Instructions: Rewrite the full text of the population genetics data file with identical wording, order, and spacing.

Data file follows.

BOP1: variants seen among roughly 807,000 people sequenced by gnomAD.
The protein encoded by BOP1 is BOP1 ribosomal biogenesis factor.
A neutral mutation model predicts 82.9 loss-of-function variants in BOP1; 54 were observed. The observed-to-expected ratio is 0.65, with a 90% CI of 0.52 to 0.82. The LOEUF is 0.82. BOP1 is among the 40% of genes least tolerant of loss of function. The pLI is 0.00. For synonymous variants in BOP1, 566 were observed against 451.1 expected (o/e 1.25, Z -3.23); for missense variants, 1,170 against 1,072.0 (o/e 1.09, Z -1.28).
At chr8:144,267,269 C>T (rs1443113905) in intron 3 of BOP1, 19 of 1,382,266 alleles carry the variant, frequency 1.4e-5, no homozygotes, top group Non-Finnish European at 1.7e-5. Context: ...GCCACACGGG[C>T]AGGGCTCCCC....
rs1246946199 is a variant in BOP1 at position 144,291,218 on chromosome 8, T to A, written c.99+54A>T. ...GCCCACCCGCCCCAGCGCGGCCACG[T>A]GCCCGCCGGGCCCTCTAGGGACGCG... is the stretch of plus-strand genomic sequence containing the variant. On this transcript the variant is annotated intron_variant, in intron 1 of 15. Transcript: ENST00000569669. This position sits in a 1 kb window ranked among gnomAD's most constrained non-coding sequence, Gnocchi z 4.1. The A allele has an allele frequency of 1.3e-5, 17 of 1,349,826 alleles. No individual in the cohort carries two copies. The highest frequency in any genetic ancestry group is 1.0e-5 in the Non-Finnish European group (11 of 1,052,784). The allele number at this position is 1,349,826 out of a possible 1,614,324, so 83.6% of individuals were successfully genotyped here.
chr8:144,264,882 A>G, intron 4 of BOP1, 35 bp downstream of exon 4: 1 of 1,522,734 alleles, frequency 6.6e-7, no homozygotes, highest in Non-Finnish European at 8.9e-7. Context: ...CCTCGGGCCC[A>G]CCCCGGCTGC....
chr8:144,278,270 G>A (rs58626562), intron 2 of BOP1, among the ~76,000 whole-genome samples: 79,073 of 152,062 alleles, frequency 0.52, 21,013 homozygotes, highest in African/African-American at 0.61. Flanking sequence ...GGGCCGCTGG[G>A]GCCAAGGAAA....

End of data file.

BOP1: variants seen among roughly 807,000 people sequenced by gnomAD.
The protein encoded by BOP1 is BOP1 ribosomal biogenesis factor.
A neutral mutation model predicts 82.9 loss-of-function variants in BOP1; 54 were observed. The observed-to-expected ratio is 0.65, with a 90% CI of 0.52 to 0.82. The LOEUF is 0.82. BOP1 is among the 40% of genes least tolerant of loss of function. The pLI is 0.00. For synonymous variants in BOP1, 566 were observed against 451.1 expected (o/e 1.25, Z -3.23); for missense variants, 1,170 against 1,072.0 (o/e 1.09, Z -1.28).
At chr8:144,267,269 C>T (rs1443113905) in intron 3 of BOP1, 19 of 1,382,266 alleles carry the variant, frequency 1.4e-5, no homozygotes, top group Non-Finnish European at 1.7e-5. Context: ...GCCACACGGG[C>T]AGGGCTCCCC....
rs1246946199 is a variant in BOP1 at position 144,291,218 on chromosome 8, T to A, written c.99+54A>T. ...GCCCACCCGCCCCAGCGCGGCCACG[T>A]GCCCGCCGGGCCCTCTAGGGACGCG... is the stretch of plus-strand genomic sequence containing the variant. On this transcript the variant is annotated intron_variant, in intron 1 of 15. Transcript: ENST00000569669. This position sits in a 1 kb window ranked among gnomAD's most constrained non-coding sequence, Gnocchi z 4.1. The A allele has an allele frequency of 1.3e-5, 17 of 1,349,826 alleles. No individual in the cohort carries two copies. The highest frequency in any genetic ancestry group is 1.0e-5 in the Non-Finnish European group (11 of 1,052,784). The allele number at this position is 1,349,826 out of a possible 1,614,324, so 83.6% of individuals were successfully genotyped here.
chr8:144,264,882 A>G, intron 4 of BOP1, 35 bp downstream of exon 4: 1 of 1,522,734 alleles, frequency 6.6e-7, no homozygotes, highest in Non-Finnish European at 8.9e-7. Context: ...CCTCGGGCCC[A>G]CCCCGGCTGC....
chr8:144,278,270 G>A (rs58626562), intron 2 of BOP1, among the ~76,000 whole-genome samples: 79,073 of 152,062 alleles, frequency 0.52, 21,013 homozygotes, highest in African/African-American at 0.61. Flanking sequence ...GGGCCGCTGG[G>A]GCCAAGGAAA....